kickstart_bannerPeople often ask me why I am so passionate about sports and girls and I have a simple, important reason – we need this generation of girls, now more than ever, to reach their potential.  Sports participation at any level is one path to actualizing potential –it is established and proven – we don’t need to create a new program or study its benefits.  But social expectations and social media are getting in the way of girls.  When I realized “the underwear experience” could have an impact, I had an aha moment that I could do something about it.

Let’s take Maslow’s hierarchy of needs pyramid.  On one level of the pyramid is community or village – we all know and accept that it takes a village to grow a strong confident girl.  We are happier with friends, family, a team, a tribe.  Belonging is important.   Connections give life meaning (Brene Brown).  Sports provide a natural community.

The next level of the pyramid is self-esteem.  Sports build self-esteem in so many ways, such as setting and achieving goals, graciously winning, building resilience, pushing your comfort zone for what you think you can do and then exceeding it – just to name a few. For more on this, check out this TedEx talk by Alisa Herr.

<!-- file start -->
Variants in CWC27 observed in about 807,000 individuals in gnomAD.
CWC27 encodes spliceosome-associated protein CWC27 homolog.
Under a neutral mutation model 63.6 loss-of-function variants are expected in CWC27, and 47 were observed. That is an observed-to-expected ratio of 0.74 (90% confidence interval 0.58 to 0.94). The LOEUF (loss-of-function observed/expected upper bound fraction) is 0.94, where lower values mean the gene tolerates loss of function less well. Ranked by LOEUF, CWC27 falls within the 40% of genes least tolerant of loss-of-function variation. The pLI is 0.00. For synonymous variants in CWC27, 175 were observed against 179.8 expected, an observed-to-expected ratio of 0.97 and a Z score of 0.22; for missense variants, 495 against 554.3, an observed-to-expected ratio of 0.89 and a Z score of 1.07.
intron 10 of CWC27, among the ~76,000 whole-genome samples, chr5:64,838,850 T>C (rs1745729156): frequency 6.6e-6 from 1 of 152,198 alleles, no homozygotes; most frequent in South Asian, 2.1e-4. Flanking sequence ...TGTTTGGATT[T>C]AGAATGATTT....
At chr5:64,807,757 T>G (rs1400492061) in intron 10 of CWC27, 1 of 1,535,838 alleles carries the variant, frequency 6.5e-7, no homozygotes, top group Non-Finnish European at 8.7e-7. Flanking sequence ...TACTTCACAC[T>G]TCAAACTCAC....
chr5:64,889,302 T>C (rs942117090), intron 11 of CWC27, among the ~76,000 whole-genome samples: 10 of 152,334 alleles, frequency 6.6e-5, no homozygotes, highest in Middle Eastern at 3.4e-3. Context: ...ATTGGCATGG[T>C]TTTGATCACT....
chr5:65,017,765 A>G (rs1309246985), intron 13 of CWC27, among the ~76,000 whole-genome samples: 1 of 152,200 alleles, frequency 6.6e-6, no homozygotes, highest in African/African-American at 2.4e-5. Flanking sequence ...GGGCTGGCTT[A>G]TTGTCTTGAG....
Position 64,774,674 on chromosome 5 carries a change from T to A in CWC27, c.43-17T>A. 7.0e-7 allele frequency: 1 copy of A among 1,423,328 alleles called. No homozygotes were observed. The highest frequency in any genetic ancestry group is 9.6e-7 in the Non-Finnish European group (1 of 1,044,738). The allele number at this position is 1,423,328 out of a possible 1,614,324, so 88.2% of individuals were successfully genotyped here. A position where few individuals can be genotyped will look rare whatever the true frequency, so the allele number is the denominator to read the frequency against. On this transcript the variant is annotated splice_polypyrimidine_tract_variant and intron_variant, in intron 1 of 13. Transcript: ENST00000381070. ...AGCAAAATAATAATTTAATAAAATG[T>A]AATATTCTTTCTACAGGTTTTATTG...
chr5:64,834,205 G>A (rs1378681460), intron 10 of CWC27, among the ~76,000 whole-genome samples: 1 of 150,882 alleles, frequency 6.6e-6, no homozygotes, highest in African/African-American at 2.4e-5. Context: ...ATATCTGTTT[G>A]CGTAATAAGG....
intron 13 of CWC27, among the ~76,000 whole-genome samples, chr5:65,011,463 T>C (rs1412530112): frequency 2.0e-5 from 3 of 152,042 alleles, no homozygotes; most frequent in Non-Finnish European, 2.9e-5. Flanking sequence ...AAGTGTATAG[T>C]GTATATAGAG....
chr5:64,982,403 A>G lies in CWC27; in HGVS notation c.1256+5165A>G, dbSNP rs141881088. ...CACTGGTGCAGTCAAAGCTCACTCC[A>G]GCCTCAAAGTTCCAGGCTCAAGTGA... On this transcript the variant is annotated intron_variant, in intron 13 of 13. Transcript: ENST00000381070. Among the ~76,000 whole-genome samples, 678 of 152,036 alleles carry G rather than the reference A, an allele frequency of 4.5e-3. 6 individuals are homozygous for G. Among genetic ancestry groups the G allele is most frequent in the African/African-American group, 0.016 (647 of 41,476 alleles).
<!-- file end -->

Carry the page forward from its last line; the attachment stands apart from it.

Unfortunately, feelings about breast development are a top reason girls drop out of sports.  According to a recent study in the Journal of Adolescent Health, “three quarters of school-aged girls report breast-related concerns regarding exercise and sports.”   75%!!!  That’s just not acceptable.  Starting and normalizing conversation about body changes can improve this.  Sports programs frequently recommend protective gear for boys, like cups, or compression shorts, but there is no comparable list recommended for girls. At Dragonwing girlgear, we provide girls that list and more.

Having an excellent-fitting, high-performance sports top – whether it is a bra, cami or thermal tee-shirt, that is designed especially for the athletic girl’s figure, can eliminate worries about underwear malfunction.  Embarrassment about changing bodies can alleviate concerns about body image.  At Dragonwing, we strive to free up emotional energy– so girls can focus on their game – and everything else they want to achieve… because when girls are confident, the possibilities are endless.

 

 

 

Honoring Dr. King’s Legacy

 

On this day honoring Dr. Martin Luther King, Jr., I will take the time to read his speech from The March on Washington in 1963, often called the “I Have a Dream” speech.